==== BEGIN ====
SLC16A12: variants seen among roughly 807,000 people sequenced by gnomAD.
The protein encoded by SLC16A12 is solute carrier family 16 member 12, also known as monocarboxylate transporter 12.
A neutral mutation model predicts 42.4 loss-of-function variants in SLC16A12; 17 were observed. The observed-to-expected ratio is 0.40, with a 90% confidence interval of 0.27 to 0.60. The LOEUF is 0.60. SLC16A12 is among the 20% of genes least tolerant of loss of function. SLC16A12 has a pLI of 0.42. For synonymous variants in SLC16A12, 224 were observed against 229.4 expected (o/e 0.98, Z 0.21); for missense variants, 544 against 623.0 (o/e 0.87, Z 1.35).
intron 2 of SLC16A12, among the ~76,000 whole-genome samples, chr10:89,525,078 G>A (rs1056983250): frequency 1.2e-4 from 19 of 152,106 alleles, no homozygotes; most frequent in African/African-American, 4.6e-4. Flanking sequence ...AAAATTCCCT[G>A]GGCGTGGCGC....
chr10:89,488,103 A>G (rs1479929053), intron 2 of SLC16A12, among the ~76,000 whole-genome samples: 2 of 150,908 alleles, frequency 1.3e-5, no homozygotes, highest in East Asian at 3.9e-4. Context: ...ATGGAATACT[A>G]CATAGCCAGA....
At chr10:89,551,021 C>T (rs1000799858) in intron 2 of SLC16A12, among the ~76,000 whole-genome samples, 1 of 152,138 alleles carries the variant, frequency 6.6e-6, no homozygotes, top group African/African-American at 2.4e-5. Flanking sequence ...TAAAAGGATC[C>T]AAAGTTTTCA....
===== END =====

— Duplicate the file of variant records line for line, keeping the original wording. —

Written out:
SLC16A12: variants seen among roughly 807,000 people sequenced by gnomAD.
The protein encoded by SLC16A12 is solute carrier family 16 member 12, also known as monocarboxylate transporter 12.
A neutral mutation model predicts 42.4 loss-of-function variants in SLC16A12; 17 were observed. The observed-to-expected ratio is 0.40, with a 90% confidence interval of 0.27 to 0.60. The LOEUF is 0.60. SLC16A12 is among the 20% of genes least tolerant of loss of function. SLC16A12 has a pLI of 0.42. For synonymous variants in SLC16A12, 224 were observed against 229.4 expected (o/e 0.98, Z 0.21); for missense variants, 544 against 623.0 (o/e 0.87, Z 1.35).
intron 2 of SLC16A12, among the ~76,000 whole-genome samples, chr10:89,525,078 G>A (rs1056983250): frequency 1.2e-4 from 19 of 152,106 alleles, no homozygotes; most frequent in African/African-American, 4.6e-4. Flanking sequence ...AAAATTCCCT[G>A]GGCGTGGCGC....
chr10:89,488,103 A>G (rs1479929053), intron 2 of SLC16A12, among the ~76,000 whole-genome samples: 2 of 150,908 alleles, frequency 1.3e-5, no homozygotes, highest in East Asian at 3.9e-4. Context: ...ATGGAATACT[A>G]CATAGCCAGA....
At chr10:89,551,021 C>T (rs1000799858) in intron 2 of SLC16A12, among the ~76,000 whole-genome samples, 1 of 152,138 alleles carries the variant, frequency 6.6e-6, no homozygotes, top group African/African-American at 2.4e-5. Flanking sequence ...TAAAAGGATC[C>T]AAAGTTTTCA....